Logo Design for a Realtor
Howard Figueroa is a licensed realtor out of Houston, TX. After coming across some of my Youtube videos, Howard reached out to me for a logo design he could brand himself with.
100+ Logo Templates for Free
Need a professional logo but have a limited budget? Or are you a designer looking to add to your inventory of design elements? Check out my bundle of over 100 decorative, professionally crafted logo design templates. Each template can be customized with your own text and iconography.
Howard left creative control in my hands, with his only request being that the logo be designed with an elegant and upscale look & feel in effort to target higher caliber clientele.
With this information in mind and an agreement reached, I set off to begin brainstorming some design ideas with confidence that he and I were on the same page.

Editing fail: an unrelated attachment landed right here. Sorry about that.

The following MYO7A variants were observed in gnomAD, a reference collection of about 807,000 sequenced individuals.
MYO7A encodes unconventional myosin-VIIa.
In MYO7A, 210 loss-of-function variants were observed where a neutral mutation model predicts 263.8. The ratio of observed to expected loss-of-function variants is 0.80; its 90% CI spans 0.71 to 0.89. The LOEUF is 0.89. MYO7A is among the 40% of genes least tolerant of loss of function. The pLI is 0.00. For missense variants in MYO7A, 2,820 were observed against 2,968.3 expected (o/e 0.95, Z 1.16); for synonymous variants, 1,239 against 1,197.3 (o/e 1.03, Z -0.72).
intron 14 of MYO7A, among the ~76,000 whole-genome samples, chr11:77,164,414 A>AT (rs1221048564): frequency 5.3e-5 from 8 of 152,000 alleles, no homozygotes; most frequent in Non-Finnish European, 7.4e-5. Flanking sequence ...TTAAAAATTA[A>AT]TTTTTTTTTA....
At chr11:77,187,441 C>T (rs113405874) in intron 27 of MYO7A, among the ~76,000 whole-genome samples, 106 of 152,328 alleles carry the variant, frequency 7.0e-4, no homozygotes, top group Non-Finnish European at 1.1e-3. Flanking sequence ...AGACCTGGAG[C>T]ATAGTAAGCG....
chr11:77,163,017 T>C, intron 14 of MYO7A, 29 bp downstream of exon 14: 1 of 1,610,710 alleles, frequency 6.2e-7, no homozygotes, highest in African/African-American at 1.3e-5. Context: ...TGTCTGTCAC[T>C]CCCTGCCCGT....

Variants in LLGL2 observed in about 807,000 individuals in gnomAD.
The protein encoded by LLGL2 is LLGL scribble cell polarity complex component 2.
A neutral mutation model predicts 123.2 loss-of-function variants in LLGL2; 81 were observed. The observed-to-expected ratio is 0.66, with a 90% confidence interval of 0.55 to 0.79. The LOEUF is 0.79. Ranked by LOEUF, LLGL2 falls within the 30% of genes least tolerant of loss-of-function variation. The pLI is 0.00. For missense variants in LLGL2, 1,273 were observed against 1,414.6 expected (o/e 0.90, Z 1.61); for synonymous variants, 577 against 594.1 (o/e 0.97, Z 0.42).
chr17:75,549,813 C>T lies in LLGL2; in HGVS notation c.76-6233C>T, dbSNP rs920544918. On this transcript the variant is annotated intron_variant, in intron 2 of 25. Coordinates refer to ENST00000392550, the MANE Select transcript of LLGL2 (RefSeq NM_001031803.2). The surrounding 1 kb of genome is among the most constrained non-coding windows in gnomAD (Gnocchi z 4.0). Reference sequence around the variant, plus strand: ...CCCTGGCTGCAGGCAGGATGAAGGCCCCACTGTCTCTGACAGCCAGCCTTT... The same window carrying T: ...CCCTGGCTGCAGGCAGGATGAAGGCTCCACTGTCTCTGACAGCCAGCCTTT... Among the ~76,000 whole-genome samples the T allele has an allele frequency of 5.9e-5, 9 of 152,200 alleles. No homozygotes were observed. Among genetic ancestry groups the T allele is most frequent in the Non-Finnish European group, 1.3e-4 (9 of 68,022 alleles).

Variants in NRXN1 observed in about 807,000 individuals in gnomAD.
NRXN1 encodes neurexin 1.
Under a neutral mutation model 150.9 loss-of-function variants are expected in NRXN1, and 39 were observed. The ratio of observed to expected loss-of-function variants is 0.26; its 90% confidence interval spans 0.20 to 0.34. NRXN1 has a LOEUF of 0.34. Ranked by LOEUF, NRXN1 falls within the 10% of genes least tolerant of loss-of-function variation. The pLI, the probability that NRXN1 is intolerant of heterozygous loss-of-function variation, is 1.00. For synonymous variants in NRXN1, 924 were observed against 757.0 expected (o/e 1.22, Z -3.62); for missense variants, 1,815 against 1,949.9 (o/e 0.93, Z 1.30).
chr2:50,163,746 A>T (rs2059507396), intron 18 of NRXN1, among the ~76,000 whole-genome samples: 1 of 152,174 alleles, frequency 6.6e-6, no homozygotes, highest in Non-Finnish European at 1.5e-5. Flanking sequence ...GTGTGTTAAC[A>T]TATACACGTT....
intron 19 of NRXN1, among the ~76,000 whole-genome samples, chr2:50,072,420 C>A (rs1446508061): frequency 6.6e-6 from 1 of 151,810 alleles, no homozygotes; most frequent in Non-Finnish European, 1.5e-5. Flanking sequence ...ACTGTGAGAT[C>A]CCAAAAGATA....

Every industry is plagued with cliche logos, and in real estate the common theme is having an outline of a roof going over the name. The difficult part of this is that realtors tend to really like this concept and want to use it. I always try to convey to the client (in a respectful and diplomatic way) that this concept is so common in the industry that it makes them blend in and gives their audience the feeling that they’ve already seen the logo before, which is bad for branding.
Go ahead and do a Google image search for “real estate logo” and tell me if you don’t see hundreds of designs that look like this…